Millions of Indians wrapped up voting in the country’s six-week-long national election on Monday as Hindu nationalist challenger Narendra Modi of the Bharatiya Janata Party (BJP) looks set to become the new prime minister.
With 814 million eligible voters, the world’s biggest election has been taking place in a series of phases over six weeks with final results expected on Friday.
Modi’s Hindu opposition BJP went into the election with strong momentum on promises of economic growth but must face off competition from Arvind Kejriwal, the chief of India’s anti-corruption party, and Ajay Rai of the Congress party, which has engendered deep dissatisfaction after 10 years in power.
A recent poll by the Pew Research Center said 63 percent of Indians prefer the BJP over the incumbent Congress party.
Rahul Gandhi, the 43-year-old vice president of the ruling party and scion of the Gandhi family, has hit the campaign trail to urge voters to stick with Congress.
Exit polls are expected Monday night after the final round of voting ends, but they are notoriously unreliable in such a vast and populous nation.
Indians turned out in large numbers to vote, with the Election Commission saying
turnout over the six weeks in 502 parliamentary constituencies up to May 8 was 66.27 percent, up from 58.13 percent in the 2009 elections.
Thousands lined up early Monday to vote in the revered Hindu holy city of Varanasi as the temperature was expected to soar to 42 degrees Celsius (107 Fahrenheit).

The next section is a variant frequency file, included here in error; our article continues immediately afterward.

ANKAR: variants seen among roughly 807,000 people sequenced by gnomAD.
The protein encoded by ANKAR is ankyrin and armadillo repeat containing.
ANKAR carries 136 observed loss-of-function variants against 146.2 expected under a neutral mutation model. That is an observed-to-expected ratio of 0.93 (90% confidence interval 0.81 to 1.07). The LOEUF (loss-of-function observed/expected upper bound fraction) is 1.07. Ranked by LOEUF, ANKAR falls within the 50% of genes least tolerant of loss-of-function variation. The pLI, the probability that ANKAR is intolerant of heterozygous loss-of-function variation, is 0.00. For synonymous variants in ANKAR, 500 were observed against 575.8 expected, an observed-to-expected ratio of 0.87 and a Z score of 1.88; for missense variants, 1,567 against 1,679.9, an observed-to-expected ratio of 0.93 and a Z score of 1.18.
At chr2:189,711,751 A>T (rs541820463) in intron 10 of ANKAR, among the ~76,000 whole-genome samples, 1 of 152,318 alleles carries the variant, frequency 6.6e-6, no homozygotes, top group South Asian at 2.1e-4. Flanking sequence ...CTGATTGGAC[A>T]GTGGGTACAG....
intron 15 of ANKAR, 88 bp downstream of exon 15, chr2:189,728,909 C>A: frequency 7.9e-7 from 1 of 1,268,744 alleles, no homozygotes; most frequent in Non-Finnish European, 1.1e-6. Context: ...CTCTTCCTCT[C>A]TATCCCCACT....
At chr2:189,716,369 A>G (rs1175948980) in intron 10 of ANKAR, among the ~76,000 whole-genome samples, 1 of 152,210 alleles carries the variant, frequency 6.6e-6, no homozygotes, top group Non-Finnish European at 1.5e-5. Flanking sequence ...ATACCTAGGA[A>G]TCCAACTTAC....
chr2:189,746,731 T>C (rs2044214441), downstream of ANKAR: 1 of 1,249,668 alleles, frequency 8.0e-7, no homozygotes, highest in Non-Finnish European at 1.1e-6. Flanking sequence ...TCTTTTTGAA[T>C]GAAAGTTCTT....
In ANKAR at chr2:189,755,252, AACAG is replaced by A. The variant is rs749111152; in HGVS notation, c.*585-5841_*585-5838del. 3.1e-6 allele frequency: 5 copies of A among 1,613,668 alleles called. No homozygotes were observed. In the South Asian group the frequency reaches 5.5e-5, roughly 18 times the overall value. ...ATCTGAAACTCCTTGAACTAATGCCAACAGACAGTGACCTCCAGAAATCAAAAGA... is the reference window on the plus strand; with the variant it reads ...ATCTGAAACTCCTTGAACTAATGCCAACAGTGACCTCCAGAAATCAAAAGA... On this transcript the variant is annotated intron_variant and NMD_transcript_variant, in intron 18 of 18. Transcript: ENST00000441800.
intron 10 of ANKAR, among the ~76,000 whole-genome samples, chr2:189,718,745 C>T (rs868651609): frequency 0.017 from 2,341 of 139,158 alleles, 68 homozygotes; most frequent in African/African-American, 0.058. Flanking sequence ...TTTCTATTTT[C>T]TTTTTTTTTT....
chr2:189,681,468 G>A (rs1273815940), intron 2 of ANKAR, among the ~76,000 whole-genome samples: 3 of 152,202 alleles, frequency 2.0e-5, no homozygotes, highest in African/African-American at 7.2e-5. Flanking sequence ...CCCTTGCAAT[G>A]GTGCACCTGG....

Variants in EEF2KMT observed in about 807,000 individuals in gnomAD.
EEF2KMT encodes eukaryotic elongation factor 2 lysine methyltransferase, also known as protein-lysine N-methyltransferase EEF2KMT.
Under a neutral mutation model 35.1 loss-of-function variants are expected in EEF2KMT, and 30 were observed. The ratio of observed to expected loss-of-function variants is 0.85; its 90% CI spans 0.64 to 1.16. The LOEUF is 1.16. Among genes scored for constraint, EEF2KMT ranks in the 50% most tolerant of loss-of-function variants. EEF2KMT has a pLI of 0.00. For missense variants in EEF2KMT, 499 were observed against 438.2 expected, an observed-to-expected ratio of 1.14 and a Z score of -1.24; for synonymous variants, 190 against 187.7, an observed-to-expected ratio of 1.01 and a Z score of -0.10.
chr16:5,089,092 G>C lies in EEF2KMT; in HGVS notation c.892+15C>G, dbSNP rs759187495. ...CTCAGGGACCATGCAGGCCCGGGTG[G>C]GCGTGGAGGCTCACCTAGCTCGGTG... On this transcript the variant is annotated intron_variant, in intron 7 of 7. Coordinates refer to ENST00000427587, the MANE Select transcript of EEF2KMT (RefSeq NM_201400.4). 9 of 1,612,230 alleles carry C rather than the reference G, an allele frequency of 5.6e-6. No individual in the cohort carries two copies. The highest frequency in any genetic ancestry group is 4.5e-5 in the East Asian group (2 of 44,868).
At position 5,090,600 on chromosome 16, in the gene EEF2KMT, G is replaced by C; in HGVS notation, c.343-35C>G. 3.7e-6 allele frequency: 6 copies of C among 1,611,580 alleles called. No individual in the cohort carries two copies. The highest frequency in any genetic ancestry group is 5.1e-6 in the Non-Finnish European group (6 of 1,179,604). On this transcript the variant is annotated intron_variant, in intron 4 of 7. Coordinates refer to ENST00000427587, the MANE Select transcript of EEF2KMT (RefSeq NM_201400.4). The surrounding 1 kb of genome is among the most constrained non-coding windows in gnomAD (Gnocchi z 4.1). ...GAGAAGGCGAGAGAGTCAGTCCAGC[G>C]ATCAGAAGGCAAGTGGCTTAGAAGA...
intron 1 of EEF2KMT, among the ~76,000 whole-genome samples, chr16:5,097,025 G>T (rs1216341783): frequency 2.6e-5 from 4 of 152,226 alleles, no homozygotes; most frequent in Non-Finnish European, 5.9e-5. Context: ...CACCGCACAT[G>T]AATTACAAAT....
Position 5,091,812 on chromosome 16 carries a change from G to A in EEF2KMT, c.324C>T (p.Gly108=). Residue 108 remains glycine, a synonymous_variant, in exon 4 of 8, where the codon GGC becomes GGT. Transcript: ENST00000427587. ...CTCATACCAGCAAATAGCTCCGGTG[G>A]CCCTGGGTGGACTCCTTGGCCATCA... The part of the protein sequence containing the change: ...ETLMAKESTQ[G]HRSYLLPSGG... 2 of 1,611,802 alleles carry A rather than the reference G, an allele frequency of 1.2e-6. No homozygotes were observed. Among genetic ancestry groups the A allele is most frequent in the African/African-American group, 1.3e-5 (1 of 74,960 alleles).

A clash erupted as voting opened in West Bengal state, where Ajay Dasgupta, a Communist Party of India (Marxist) spokesman, accused governing Trinamool Congress workers of firing at his party supporters, wounding four.
The clash was reported in a village 35 kilometres (20 miles) northeast of Calcutta, the state capital. The Trinamool Congress party denied the charge.
Elections in India are generally considered free and fair, with even the powerful often falling to defeat. But there are also challenges, with age-old traditions of caste loyalty, patriarchy and nepotism often influencing voting patterns.
This year’s election was bitterly fought, and often marred by religious divisions and personal attacks.
The BJP’s carefully crafted and well-financed campaign promises good governance at a time when the ruling Congress party has been plagued by repeated scandals.
Party leader Rahul Gandhi has generally failed to inspire the public, leaving many analysts to predict that the BJP will likely emerge with the largest number of seats in the 543-member parliament.
If Modi is successful in his political bid he will replace Prime Minister Manmohan Singh, 81, a respected economist handpicked by Sonia Gandhi after she returned Congress to power. But Singh's reputation recently took a hit with the release of a new book by his former press aide, who portrays him as a powerless puppet.
(FRANCE 24 with AFP and AP)
Date created : 2014-05-12